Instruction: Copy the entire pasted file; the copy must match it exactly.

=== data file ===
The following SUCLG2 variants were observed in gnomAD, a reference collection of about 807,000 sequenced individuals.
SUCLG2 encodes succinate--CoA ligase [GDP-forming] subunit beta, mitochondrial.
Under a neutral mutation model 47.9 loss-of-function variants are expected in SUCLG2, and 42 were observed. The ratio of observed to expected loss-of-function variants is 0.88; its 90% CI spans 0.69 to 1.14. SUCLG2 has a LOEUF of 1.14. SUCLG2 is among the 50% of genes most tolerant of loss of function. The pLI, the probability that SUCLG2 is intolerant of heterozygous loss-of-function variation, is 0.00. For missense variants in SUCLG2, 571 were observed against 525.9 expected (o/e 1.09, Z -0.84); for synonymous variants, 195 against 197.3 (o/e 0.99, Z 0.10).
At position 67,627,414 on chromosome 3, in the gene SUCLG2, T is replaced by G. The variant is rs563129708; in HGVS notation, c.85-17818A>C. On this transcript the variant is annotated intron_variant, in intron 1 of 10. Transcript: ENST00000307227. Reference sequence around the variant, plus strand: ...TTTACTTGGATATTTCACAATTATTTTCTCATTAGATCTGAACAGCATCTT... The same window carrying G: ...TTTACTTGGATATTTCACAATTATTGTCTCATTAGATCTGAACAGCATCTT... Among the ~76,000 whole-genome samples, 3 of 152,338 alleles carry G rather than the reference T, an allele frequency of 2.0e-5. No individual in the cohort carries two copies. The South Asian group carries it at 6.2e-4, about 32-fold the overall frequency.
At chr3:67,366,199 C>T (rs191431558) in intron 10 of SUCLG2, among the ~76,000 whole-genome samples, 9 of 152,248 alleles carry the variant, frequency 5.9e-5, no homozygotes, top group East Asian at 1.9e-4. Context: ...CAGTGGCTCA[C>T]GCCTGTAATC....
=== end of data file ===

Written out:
The following SUCLG2 variants were observed in gnomAD, a reference collection of about 807,000 sequenced individuals.
SUCLG2 encodes succinate--CoA ligase [GDP-forming] subunit beta, mitochondrial.
Under a neutral mutation model 47.9 loss-of-function variants are expected in SUCLG2, and 42 were observed. The ratio of observed to expected loss-of-function variants is 0.88; its 90% CI spans 0.69 to 1.14. SUCLG2 has a LOEUF of 1.14. SUCLG2 is among the 50% of genes most tolerant of loss of function. The pLI, the probability that SUCLG2 is intolerant of heterozygous loss-of-function variation, is 0.00. For missense variants in SUCLG2, 571 were observed against 525.9 expected (o/e 1.09, Z -0.84); for synonymous variants, 195 against 197.3 (o/e 0.99, Z 0.10).
At position 67,627,414 on chromosome 3, in the gene SUCLG2, T is replaced by G. The variant is rs563129708; in HGVS notation, c.85-17818A>C. On this transcript the variant is annotated intron_variant, in intron 1 of 10. Transcript: ENST00000307227. Reference sequence around the variant, plus strand: ...TTTACTTGGATATTTCACAATTATTTTCTCATTAGATCTGAACAGCATCTT... The same window carrying G: ...TTTACTTGGATATTTCACAATTATTGTCTCATTAGATCTGAACAGCATCTT... Among the ~76,000 whole-genome samples, 3 of 152,338 alleles carry G rather than the reference T, an allele frequency of 2.0e-5. No individual in the cohort carries two copies. The South Asian group carries it at 6.2e-4, about 32-fold the overall frequency.
At chr3:67,366,199 C>T (rs191431558) in intron 10 of SUCLG2, among the ~76,000 whole-genome samples, 9 of 152,248 alleles carry the variant, frequency 5.9e-5, no homozygotes, top group East Asian at 1.9e-4. Context: ...CAGTGGCTCA[C>T]GCCTGTAATC....